Characterizing the relationship between Sortase A-dependent substrates and the consequences of Srta deletion in Enterococcus faecalis
Date of Issue2017
School of Biological Sciences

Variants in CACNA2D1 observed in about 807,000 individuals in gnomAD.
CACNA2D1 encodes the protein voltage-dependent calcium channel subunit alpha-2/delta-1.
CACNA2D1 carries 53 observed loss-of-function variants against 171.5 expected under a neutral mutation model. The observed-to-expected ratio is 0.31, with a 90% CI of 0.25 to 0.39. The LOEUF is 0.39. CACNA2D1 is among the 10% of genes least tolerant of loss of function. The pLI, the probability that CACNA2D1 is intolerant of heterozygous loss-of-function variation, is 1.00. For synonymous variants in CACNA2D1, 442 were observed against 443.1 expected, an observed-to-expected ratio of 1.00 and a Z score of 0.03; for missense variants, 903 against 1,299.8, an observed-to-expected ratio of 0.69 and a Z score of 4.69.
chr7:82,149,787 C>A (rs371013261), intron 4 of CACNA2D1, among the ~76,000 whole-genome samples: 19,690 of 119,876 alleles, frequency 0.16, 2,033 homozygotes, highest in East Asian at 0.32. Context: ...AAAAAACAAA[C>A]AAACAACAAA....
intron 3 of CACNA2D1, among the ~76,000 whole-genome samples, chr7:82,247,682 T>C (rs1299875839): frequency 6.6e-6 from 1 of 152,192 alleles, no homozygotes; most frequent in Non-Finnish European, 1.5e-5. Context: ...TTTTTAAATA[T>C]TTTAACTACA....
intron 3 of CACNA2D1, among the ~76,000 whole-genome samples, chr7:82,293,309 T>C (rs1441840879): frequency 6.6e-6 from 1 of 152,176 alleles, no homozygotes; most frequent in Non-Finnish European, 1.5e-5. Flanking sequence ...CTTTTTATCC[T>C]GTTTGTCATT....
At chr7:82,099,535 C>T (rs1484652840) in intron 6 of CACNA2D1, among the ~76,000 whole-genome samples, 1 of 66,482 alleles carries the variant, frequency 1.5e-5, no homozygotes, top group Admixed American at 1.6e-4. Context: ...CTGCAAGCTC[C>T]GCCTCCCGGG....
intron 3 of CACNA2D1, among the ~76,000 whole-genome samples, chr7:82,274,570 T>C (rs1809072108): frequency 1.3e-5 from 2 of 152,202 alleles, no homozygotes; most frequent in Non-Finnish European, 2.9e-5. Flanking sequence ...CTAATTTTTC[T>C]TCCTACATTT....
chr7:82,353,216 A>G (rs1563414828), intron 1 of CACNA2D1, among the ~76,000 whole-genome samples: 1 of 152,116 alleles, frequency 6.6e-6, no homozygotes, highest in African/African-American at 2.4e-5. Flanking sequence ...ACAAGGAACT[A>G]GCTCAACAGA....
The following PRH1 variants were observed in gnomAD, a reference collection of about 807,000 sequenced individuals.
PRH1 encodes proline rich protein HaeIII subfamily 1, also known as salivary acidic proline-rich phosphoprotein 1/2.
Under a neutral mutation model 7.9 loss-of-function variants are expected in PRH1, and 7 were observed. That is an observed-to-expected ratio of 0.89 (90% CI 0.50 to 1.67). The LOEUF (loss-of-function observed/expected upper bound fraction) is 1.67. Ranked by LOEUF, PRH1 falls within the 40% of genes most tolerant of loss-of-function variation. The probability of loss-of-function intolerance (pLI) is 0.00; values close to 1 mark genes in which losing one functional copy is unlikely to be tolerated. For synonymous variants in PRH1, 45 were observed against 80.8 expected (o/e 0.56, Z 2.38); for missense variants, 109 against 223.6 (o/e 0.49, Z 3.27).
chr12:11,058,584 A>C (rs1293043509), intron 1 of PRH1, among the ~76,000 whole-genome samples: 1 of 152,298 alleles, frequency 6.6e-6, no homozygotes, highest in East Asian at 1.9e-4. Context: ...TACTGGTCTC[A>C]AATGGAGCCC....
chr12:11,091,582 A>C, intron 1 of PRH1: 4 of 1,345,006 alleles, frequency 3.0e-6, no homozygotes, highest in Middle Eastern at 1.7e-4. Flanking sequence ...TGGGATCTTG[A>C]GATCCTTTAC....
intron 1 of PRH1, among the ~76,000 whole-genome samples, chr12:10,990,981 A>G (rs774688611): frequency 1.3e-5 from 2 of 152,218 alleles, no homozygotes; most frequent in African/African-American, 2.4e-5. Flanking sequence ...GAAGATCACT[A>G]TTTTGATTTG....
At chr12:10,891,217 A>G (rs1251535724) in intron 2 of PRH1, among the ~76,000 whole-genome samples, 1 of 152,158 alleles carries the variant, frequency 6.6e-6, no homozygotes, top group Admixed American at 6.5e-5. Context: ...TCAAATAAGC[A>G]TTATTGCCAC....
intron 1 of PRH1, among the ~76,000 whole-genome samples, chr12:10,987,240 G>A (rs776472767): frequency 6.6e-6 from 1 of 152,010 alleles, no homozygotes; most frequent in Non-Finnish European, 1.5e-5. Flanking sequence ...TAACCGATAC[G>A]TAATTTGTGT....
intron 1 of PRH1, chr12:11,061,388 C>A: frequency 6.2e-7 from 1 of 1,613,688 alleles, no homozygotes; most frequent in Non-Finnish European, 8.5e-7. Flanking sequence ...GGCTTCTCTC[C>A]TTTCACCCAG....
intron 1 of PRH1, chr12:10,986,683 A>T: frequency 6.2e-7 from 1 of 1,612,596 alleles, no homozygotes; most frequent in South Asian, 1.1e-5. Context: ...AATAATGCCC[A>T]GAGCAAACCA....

Enterococcus faecalis is a gastrointestinal commensal bacterium that has emerged as an important opportunistic pathogen that is a serious public health threat due to its prevalent antibiotic resistance. A variety of virulence factors contributes to the pathogenesis of Enterococci, including Sortase A (SrtA) and several SrtA substrates including endocarditis and biofilm associated pili (Ebp), adhesin of collagen from Enterococci (Ace), and aggregation substance (AS). Understanding the expression relationship between SrtA and its substrates, as well as the expression relationship and any cross-regulation between SrtA substrates, is crucial to effectively target bacterial adhesion for the reduction of virulence in the future. In this thesis, we showed that SrtA substrate expression does not depend on the presence of SrtA, and that Ebp accumulate in the plasma membrane in ∆srtA resulting in increased piliation. We showed that DnaK is important for Ebp biogenesis and that dnaK transcription is higher in ∆srtA, suggesting that DnaK may have a role in processing additional SrtA substrates. We explored the possibility that accumulation of unprocessed substrates in ∆srtA would result in increased vesiculation, which is associated with membrane stress in other organisms, but instead detected a similar number of membrane vesicles (MV) between WT and ∆srtA. However, as a result of increased membrane-associated Ebp, MV from ∆srtA were enriched in Ebp. Analysis of MV protein composition and high-resolution imaging of MV led us to hypothesize several mechanisms for MV formation via explosive cell lysis, through cell-wall modifying enzymes or from microdomains. Lastly, we addressed the expression relationships between Ebp, AS, and Ace. When Ebp and AS are expressed on the same cells, Ebp prevent AS-mediated clumping and decreases the frequency of horizontal gene transfer between AS-expressing cells. We also observed temperature-dependent differential expression of Ebp and Ace, suggesting that the two adhesins might be inversely regulated by environmental cues. Taken together these findings enhance our understanding of SrtA, Ebp, and cell-envelope biogenesis in E. faecalis, and provide new insight into the expression relationship between multiple enterococcal adhesins.